Drinking Interdit

I’m at my medicin traitant about a blotch in my right eye. It’s probably not important but I’m taking holiday precautions. The phone makes a mechanical peep as I enter the bureau— I’m a few minutes late so I let her off. She hangs up, taps her keyboard with one finger, then angles her chair towards me. The phone peeps encore. This patient is more demanding than the previous. Something about an infection, we can’t be sure— she’ll need blood tests. Doctor Moreau hangs up and looks at me. “You’re very thirsty, is it normal for you to drink that much water?” I justify my response, remarking the weather and the importance of staying hydrated. “We don’t do that”, she says calmly. “What, drink water?” She shakes her head and pauses for impact. EspeciallyNot. Here.” I’m au courant that my doctor is conservative, evidenced by her disgust the day she discovered I’d been to an osteopath. Drinking water and alternative therapies seem to go together. I run through possible consequences of H20 consumption in a bureau; slipping on saliva, mouth escaping microorganisms, death by drowning… She breaks the silence with a question, “what seems to be the problem?” I’m self-conscious speaking about my health with strangers, this intensifies when doing so in French with dry mouth. Moreau scrunches her face. I repeat the phrase stumbling over the same mistakes. It feels like I’m being fact checked. I breathe slowly to cool the guilty sheen on my lip and brow, then shift to the couch for ophthalmologic inspection. It’s brief. “I can’t see anything”, she says ironically, “are you in pain?” “No, but there’s this layer…” I say, hoping she’ll find something. “Rien” she confirms, “feel free to see an ophtalmologue (if you don’t believe me)”. She nods at Chester in the pram, “bébe va bien?” I study his chubby face. “His vomit has carrot in it” I declare, reaching for my purse.











Poems & stories

Marni Nixon: An Affair to Remember

My husband once shared an elevator with George Clinton at the Hilton in Nice. He managed to say something like “how’s it going?”, to which the singer replied, “fine, how are you going?”. If there was such a thing as personal hero elevator tickets, I’d have picked the late chanteuse Marni Nixon (1930-2016). I came across her name for the first time as a mature age cinema student in Paris. I’d enrolled in the course to improve my french, and was delighted by a first semester reconnaissance with la comedie musicale. I’d never watched a musical for any reason that wasn’t sentimental. Our history professor bounced, literally, into every lesson, determined to explode our preconceptions of the genre. He wet our appetite with Busby Berkeley’s Footlight Parade and Gold Diggers of 1935, bringing our attention to the pioneering camerawork and choreography. He acquainted a mostly skeptical audience to melodrama, a charming melange of music and drama. I immediately went and bought copies of An Affair to Remember (1957), the “chick film” as Tom Hanks refers to it in Sleepless in Seattle. “This film will make you cry”, promises our professor as he pushes play and cranks the volume. Bright pink squiggly letters fill the screen with CARY GRANT and DEBORAH KERR, accompanied by jubilant horns and Vic Damone singing Harry Warren’s Love Affair. It isn’t the English version of the song which evokes tears chez moi. It’s later on in the film, when Grant and Kerr are visiting Janou (Grant’s grandmother) at her place in the south of France. The old lady is tinkling away at her piano when Kerr picks up the songbook and spontaneously sings :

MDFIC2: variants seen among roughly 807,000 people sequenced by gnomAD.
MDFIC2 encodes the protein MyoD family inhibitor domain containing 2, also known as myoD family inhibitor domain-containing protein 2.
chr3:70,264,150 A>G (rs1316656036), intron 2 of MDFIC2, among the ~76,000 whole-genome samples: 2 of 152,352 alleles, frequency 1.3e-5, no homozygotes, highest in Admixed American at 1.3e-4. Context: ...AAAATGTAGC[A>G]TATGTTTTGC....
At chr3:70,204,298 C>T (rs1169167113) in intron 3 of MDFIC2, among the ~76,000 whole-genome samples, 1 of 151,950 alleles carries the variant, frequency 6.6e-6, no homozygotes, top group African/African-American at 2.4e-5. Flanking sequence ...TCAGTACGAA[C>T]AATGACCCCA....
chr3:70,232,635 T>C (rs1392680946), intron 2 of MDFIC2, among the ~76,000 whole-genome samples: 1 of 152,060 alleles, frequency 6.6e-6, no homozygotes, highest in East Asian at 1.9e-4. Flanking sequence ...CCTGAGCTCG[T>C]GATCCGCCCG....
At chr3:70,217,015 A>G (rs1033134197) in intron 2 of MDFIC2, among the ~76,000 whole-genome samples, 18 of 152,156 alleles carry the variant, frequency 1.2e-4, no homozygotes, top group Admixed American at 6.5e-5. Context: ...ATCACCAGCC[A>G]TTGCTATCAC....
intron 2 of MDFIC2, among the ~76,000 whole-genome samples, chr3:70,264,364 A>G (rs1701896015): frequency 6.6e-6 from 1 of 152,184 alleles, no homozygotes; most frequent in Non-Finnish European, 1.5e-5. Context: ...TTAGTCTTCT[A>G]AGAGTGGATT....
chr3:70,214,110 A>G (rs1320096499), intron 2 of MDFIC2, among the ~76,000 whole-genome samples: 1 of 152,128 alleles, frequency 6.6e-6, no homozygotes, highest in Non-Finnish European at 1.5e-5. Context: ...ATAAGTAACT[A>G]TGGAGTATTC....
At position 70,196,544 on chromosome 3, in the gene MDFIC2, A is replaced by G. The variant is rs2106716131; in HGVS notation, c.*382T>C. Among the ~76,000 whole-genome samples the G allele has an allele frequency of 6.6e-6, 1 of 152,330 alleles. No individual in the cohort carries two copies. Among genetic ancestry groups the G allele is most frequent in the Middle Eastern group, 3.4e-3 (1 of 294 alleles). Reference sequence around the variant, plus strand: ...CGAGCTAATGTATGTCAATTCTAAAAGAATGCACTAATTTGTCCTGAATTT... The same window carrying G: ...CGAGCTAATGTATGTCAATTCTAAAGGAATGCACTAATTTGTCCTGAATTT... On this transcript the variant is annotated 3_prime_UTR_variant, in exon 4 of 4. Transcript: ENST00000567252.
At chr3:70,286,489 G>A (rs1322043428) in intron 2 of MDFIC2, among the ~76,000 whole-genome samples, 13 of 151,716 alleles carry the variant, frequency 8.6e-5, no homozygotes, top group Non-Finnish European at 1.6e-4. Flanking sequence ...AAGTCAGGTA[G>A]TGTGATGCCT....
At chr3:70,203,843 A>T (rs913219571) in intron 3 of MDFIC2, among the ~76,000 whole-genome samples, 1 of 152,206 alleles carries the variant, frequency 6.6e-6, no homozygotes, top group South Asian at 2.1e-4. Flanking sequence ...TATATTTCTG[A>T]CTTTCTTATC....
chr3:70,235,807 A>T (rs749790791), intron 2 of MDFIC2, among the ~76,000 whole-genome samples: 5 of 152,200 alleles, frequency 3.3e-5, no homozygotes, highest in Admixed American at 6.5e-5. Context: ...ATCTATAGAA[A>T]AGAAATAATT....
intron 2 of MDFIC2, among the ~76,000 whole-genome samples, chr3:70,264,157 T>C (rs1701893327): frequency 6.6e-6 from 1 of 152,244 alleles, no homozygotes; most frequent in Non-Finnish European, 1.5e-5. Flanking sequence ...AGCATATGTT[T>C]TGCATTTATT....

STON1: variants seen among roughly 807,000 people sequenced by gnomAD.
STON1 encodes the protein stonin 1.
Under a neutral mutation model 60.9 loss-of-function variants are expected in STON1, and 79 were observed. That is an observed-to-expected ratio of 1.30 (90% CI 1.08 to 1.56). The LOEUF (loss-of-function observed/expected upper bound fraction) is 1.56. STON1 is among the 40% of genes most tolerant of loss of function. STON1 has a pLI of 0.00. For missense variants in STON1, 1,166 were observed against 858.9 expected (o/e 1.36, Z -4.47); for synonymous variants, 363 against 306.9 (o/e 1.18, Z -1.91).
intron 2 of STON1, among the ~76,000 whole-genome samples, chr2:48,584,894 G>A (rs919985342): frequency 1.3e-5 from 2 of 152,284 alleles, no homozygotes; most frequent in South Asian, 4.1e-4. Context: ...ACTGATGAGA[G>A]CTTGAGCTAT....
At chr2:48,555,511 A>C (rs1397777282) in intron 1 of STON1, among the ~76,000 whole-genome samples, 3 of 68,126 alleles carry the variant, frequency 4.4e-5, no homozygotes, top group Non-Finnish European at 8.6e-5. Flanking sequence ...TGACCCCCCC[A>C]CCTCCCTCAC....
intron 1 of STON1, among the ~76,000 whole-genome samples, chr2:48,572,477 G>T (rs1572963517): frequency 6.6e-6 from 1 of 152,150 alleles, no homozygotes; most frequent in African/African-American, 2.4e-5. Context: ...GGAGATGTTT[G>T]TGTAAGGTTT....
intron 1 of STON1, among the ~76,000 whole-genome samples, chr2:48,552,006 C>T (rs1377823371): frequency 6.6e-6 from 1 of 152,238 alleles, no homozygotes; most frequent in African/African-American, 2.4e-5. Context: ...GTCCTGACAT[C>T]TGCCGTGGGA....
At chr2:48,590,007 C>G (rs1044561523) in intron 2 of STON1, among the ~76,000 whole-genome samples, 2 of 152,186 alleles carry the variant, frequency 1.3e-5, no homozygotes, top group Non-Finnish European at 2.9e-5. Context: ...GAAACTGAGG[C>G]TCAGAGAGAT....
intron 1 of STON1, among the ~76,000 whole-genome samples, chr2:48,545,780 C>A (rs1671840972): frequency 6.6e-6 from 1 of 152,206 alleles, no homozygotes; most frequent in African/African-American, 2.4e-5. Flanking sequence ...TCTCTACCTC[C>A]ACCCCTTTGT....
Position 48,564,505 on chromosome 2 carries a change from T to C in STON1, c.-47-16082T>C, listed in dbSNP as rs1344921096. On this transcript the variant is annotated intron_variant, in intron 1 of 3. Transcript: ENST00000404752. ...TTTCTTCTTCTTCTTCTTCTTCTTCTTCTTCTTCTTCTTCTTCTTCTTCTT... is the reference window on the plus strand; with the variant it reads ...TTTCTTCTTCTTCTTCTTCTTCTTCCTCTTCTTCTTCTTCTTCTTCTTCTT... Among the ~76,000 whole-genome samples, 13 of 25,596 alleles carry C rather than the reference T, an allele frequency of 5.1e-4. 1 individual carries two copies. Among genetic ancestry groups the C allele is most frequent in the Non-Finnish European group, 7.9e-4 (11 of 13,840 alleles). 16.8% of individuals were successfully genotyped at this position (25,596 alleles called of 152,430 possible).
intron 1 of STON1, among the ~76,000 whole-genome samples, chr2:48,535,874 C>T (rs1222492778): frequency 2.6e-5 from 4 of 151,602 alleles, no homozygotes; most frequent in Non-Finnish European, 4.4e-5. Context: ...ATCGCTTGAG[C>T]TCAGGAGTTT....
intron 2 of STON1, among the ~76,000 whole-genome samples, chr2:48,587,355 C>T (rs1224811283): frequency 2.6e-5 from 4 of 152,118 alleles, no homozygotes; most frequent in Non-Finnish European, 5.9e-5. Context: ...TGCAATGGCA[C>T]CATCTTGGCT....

Ce bel amour, qui ne peut mourir
Sera pour nous un doux souvenir,
Promesse ardente du premier baiser,
Qui nous lie, tous deux, pour l’éternité

D’un bel amour toujours grandissant
Qui défiera les épreuves du temps.
Trouvons la joie, reste dans mes bras…

This is the first time Nixon’s voice is heard in the film, pure and sweet as a bell. It doesn’t matter that Kerr is miming — her soft glances towards Grant when she sings eternité, have a fondu-like effect. Marni makes us fall in love with Deborah, and Deborah with Marni. The lyrics traverse the barrier of language, ignorance makes space for charm and imagination. The best and worst part of the scene is that we never hear le fin of the song, tragically cut short by the sound of the ship’s distant siren. On a hunt for the full version of the French ballad (perhaps Fox never recorded one), the closest I can find is this amateur recording on Youtube. The singer is technically sound but her limp posture and dazed expression leave us longing for Marni. A better solution (and perhaps the only), is to watch and re-watch this true gem, the original, until it becomes a permanent memory.